Good luck.

Friday, June 13, 2014

Fix for infamous Oozie error "Error: E0501 : E0501: Could not perform authorization operation, User: oozie is not allowed to impersonate"

I just had a breakthrough moment when I realized why this error shows up when you run an Oozie workflow. We use Ambari for cluster management and by default Ambari has core-site.xml configured with these properties:

The issue lies in the oozie.groups property. You need to make sure a user executing a workflow, must belong to "users" Linux group on the namenode server. Failsafe is definitely to have an asterisk for either property as most people recommend but I think this is a more granular approach. This idea dawned on me when I saw in the Ambari admin tab, the following:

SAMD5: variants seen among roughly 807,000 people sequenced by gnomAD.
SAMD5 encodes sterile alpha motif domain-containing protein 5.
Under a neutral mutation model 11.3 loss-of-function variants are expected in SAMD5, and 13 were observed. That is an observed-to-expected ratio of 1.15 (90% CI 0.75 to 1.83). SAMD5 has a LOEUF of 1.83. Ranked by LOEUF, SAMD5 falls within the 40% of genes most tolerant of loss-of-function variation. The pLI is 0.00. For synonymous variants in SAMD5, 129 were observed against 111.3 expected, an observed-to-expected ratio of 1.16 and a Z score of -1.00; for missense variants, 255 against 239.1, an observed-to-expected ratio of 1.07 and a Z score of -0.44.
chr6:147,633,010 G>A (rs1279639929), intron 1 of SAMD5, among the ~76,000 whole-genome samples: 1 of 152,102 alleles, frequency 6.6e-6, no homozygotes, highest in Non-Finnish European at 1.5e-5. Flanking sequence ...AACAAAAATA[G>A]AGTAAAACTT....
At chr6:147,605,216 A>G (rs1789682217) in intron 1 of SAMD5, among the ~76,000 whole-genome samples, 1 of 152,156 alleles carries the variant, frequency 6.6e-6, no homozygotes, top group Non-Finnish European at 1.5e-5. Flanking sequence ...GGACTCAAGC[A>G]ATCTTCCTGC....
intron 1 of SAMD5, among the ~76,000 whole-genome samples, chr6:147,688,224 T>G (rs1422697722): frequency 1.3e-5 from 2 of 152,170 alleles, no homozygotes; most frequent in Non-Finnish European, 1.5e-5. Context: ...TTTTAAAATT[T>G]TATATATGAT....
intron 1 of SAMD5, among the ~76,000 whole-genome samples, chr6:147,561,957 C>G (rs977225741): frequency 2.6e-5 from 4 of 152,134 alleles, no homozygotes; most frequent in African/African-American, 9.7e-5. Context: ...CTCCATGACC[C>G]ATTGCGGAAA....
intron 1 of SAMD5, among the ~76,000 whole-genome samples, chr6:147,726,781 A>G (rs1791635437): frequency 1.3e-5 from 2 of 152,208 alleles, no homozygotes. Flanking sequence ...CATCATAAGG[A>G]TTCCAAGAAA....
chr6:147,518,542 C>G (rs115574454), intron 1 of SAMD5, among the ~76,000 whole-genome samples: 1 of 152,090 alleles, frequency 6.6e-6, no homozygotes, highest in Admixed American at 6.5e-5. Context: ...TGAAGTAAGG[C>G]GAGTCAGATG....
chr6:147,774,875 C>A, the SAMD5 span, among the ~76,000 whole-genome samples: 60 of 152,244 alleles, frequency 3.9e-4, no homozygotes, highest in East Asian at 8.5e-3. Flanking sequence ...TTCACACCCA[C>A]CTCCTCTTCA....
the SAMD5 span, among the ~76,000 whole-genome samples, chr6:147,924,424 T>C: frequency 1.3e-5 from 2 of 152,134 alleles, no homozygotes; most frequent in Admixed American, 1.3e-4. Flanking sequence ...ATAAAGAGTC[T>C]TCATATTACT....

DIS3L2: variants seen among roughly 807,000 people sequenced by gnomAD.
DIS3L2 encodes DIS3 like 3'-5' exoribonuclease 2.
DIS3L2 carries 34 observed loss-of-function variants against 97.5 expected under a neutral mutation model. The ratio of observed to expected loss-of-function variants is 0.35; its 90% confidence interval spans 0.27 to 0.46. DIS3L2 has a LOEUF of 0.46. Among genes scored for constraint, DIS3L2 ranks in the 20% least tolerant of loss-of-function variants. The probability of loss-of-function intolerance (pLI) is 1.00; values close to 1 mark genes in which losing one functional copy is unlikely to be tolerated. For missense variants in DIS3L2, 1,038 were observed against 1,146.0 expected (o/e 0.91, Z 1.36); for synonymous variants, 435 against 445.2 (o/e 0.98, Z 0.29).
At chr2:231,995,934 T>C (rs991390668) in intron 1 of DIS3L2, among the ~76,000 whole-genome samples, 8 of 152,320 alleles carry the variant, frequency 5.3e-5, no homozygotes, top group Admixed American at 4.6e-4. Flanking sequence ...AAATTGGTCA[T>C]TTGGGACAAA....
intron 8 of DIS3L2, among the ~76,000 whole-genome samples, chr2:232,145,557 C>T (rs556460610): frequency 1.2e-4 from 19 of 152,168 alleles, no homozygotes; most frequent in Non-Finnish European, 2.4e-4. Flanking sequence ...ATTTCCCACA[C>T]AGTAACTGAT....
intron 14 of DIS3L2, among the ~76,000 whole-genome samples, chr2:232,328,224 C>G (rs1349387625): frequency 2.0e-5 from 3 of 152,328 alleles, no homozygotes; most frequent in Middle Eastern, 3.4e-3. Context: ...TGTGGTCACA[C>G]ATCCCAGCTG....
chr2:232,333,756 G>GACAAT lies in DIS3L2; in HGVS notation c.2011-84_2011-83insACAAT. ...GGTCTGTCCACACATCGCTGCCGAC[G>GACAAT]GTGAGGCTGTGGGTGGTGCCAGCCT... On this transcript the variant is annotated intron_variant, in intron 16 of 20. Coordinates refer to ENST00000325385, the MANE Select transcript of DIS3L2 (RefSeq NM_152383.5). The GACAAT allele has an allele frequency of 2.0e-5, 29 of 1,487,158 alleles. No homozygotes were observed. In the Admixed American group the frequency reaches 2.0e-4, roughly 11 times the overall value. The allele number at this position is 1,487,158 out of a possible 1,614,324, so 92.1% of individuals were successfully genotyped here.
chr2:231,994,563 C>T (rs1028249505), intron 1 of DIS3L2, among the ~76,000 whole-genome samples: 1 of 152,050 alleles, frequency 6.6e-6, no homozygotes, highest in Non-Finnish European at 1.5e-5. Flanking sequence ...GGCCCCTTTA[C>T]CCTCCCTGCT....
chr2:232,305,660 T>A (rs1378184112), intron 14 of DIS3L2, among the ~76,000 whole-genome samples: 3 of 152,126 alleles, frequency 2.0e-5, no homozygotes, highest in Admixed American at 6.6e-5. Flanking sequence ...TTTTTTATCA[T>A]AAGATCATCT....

This means exactly that, user executing the workflow needs to belong to the proxy group controlled by hadoop.proxyuser.oozie.groups property. 

Work-around for Isilon HDFS and Hadoop 2.2+ hdfs client incompatibility